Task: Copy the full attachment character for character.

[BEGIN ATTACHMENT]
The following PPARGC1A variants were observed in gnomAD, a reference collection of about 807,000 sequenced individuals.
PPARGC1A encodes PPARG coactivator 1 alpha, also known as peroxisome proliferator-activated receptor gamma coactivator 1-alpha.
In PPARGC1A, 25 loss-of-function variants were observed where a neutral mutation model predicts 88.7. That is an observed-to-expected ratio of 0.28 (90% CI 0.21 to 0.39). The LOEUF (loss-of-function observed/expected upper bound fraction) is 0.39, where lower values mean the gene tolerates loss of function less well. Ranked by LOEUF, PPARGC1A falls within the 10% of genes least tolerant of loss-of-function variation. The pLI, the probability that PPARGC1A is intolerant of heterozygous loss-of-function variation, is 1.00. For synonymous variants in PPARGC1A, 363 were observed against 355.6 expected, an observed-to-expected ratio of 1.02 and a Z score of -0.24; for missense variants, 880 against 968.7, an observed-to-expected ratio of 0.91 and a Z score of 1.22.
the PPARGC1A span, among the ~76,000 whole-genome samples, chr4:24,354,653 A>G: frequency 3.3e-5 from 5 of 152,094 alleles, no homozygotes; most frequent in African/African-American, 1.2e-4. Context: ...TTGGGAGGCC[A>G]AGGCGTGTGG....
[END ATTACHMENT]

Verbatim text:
The following PPARGC1A variants were observed in gnomAD, a reference collection of about 807,000 sequenced individuals.
PPARGC1A encodes PPARG coactivator 1 alpha, also known as peroxisome proliferator-activated receptor gamma coactivator 1-alpha.
In PPARGC1A, 25 loss-of-function variants were observed where a neutral mutation model predicts 88.7. That is an observed-to-expected ratio of 0.28 (90% CI 0.21 to 0.39). The LOEUF (loss-of-function observed/expected upper bound fraction) is 0.39, where lower values mean the gene tolerates loss of function less well. Ranked by LOEUF, PPARGC1A falls within the 10% of genes least tolerant of loss-of-function variation. The pLI, the probability that PPARGC1A is intolerant of heterozygous loss-of-function variation, is 1.00. For synonymous variants in PPARGC1A, 363 were observed against 355.6 expected, an observed-to-expected ratio of 1.02 and a Z score of -0.24; for missense variants, 880 against 968.7, an observed-to-expected ratio of 0.91 and a Z score of 1.22.
the PPARGC1A span, among the ~76,000 whole-genome samples, chr4:24,354,653 A>G: frequency 3.3e-5 from 5 of 152,094 alleles, no homozygotes; most frequent in African/African-American, 1.2e-4. Context: ...TTGGGAGGCC[A>G]AGGCGTGTGG....